West End star claims she was barred from singing in Dreamgirls ballad because 'she is white'; Queen's Brian May erupts
According to a British singer's claims, she was disallowed from performing a song from Dreamgirls at the Royal Albert Hall because she is white. Back in October, Mazz Murray was due to perform her rendition of a ballad from the musical, which was also supposed to be the highlight of her performance.
However, because she is not black and the song is part of an "African American musical", the 45-year-old West End star was barred from performing it, reports the DailyMail. That said, according to rockstar Brian May, the decision showed an "unpleasant new kind of race-based injustice."
May applauded Murray's contribution of eight years to his band Queen’s musical 'We Will Rock You', in which she starred as the Killer Queen. He wrote on Instagram: "It seems some theatre impresarios, out of fear of being branded discriminatory to artists of color, are making decisions that discriminate against white artists. "This lady has been denied permission to sing a song at the Albert Hall, apparently for racial reasons. She’s white and Jewish, and one of the most electrifying singers in Britain."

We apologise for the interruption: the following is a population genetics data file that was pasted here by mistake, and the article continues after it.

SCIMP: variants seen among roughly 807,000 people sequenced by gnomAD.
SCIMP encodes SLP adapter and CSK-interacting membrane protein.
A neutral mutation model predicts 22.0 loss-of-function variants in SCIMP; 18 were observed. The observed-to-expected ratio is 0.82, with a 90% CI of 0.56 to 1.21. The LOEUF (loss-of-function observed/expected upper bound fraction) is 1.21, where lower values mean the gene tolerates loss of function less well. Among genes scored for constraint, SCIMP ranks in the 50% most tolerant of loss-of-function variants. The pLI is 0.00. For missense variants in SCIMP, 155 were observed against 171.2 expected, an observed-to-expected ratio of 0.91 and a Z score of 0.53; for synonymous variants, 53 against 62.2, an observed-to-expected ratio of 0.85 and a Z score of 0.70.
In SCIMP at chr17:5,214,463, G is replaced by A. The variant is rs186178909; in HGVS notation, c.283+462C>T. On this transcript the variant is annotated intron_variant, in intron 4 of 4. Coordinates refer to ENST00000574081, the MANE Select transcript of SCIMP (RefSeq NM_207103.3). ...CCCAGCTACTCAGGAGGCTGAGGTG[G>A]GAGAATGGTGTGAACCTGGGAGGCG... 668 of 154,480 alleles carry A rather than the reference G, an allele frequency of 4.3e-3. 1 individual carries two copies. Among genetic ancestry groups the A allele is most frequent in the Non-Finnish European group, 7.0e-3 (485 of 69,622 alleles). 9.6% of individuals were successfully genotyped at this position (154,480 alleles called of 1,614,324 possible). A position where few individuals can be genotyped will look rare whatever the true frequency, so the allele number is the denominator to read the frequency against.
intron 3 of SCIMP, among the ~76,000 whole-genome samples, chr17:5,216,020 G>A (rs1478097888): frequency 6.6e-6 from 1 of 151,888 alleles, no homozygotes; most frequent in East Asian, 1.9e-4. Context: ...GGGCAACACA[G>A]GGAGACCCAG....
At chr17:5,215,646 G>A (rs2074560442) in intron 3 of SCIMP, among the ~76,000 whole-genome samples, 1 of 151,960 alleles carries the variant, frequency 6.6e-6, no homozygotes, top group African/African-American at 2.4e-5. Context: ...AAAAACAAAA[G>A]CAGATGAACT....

Murray is the daughter of pop songwriter Mitch Murray and is currently starring in 'Chicago'. As part of an evening called 'The Best of the West End', she was due to sing 'And I Am Telling You I’m Not Going'. According to May, the musical's owners reportedly said it was not "appropriate" for a white woman to perform the ballad when they were approached by the show's producers, Seventh Sense, to ask permission for the same.
Based on acts such as The Supremes, Dreamgirls first began on Broadway and was adapted into a film in 2006 starring Beyoncé.
Having said that, Seventh Sense and Murray's representatives are yet to respond to requests for comment. Back in May, rapper Kendrick Lamar stopped a white fan on stage while singing his hit M.A.A.D city when she used the N-word, although it was a part of his lyrics.
In a conversation with BBC News, South London grime artist Yizzy said at the time, "Every person can say what they want, there's freedom of speech, but you have a responsibility. If you use the word... and you're not of any black heritage, in this modern day world, be prepared to face a backlash."
On the contrary, journalist and blogger Jessica Noah Morley commented: "If you don't want people to sing an offensive word, it should not be sung or included in the song in the first place.
"We, myself included, have to be careful about being hypocritical and implementing a double standard when it comes to race relations. The N-word is, and will always be offensive, no matter who says it."